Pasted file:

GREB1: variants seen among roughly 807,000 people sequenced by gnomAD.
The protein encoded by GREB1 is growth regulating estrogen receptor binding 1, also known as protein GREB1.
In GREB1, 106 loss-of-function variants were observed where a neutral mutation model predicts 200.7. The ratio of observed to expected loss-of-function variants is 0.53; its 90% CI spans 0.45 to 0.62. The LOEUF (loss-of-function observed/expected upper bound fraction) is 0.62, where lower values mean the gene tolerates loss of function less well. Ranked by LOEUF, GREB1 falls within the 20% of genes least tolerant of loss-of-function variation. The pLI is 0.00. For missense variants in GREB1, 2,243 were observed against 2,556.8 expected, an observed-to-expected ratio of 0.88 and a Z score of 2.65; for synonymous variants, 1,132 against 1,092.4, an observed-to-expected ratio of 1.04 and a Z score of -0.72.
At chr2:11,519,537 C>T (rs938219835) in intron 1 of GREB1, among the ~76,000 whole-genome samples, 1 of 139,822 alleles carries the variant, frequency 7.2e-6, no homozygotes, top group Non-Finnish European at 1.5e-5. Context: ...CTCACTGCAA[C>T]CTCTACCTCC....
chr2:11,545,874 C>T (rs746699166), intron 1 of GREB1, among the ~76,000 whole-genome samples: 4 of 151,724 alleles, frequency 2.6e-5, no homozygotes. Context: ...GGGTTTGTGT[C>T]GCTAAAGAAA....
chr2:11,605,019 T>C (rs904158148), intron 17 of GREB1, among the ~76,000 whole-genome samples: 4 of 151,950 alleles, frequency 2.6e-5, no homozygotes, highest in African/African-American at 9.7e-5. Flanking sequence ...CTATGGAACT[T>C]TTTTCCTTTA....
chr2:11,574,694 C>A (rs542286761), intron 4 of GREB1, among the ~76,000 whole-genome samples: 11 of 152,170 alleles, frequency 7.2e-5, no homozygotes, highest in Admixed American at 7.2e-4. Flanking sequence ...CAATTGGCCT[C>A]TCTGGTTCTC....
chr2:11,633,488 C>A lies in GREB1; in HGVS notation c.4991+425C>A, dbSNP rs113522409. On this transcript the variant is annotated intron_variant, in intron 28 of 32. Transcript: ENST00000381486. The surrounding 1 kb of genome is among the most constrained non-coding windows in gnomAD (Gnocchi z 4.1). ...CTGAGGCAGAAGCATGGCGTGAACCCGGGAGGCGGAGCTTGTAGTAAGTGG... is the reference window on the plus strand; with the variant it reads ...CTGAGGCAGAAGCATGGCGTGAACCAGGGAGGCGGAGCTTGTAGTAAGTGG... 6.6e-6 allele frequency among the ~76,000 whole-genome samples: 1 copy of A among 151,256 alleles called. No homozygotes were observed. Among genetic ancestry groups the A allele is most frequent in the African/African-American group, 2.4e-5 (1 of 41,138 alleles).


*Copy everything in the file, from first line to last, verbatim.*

GREB1: variants seen among roughly 807,000 people sequenced by gnomAD.
The protein encoded by GREB1 is growth regulating estrogen receptor binding 1, also known as protein GREB1.
In GREB1, 106 loss-of-function variants were observed where a neutral mutation model predicts 200.7. The ratio of observed to expected loss-of-function variants is 0.53; its 90% CI spans 0.45 to 0.62. The LOEUF (loss-of-function observed/expected upper bound fraction) is 0.62, where lower values mean the gene tolerates loss of function less well. Ranked by LOEUF, GREB1 falls within the 20% of genes least tolerant of loss-of-function variation. The pLI is 0.00. For missense variants in GREB1, 2,243 were observed against 2,556.8 expected, an observed-to-expected ratio of 0.88 and a Z score of 2.65; for synonymous variants, 1,132 against 1,092.4, an observed-to-expected ratio of 1.04 and a Z score of -0.72.
At chr2:11,519,537 C>T (rs938219835) in intron 1 of GREB1, among the ~76,000 whole-genome samples, 1 of 139,822 alleles carries the variant, frequency 7.2e-6, no homozygotes, top group Non-Finnish European at 1.5e-5. Context: ...CTCACTGCAA[C>T]CTCTACCTCC....
chr2:11,545,874 C>T (rs746699166), intron 1 of GREB1, among the ~76,000 whole-genome samples: 4 of 151,724 alleles, frequency 2.6e-5, no homozygotes. Context: ...GGGTTTGTGT[C>T]GCTAAAGAAA....
chr2:11,605,019 T>C (rs904158148), intron 17 of GREB1, among the ~76,000 whole-genome samples: 4 of 151,950 alleles, frequency 2.6e-5, no homozygotes, highest in African/African-American at 9.7e-5. Flanking sequence ...CTATGGAACT[T>C]TTTTCCTTTA....
chr2:11,574,694 C>A (rs542286761), intron 4 of GREB1, among the ~76,000 whole-genome samples: 11 of 152,170 alleles, frequency 7.2e-5, no homozygotes, highest in Admixed American at 7.2e-4. Flanking sequence ...CAATTGGCCT[C>A]TCTGGTTCTC....
chr2:11,633,488 C>A lies in GREB1; in HGVS notation c.4991+425C>A, dbSNP rs113522409. On this transcript the variant is annotated intron_variant, in intron 28 of 32. Transcript: ENST00000381486. The surrounding 1 kb of genome is among the most constrained non-coding windows in gnomAD (Gnocchi z 4.1). ...CTGAGGCAGAAGCATGGCGTGAACCCGGGAGGCGGAGCTTGTAGTAAGTGG... is the reference window on the plus strand; with the variant it reads ...CTGAGGCAGAAGCATGGCGTGAACCAGGGAGGCGGAGCTTGTAGTAAGTGG... 6.6e-6 allele frequency among the ~76,000 whole-genome samples: 1 copy of A among 151,256 alleles called. No homozygotes were observed. Among genetic ancestry groups the A allele is most frequent in the African/African-American group, 2.4e-5 (1 of 41,138 alleles).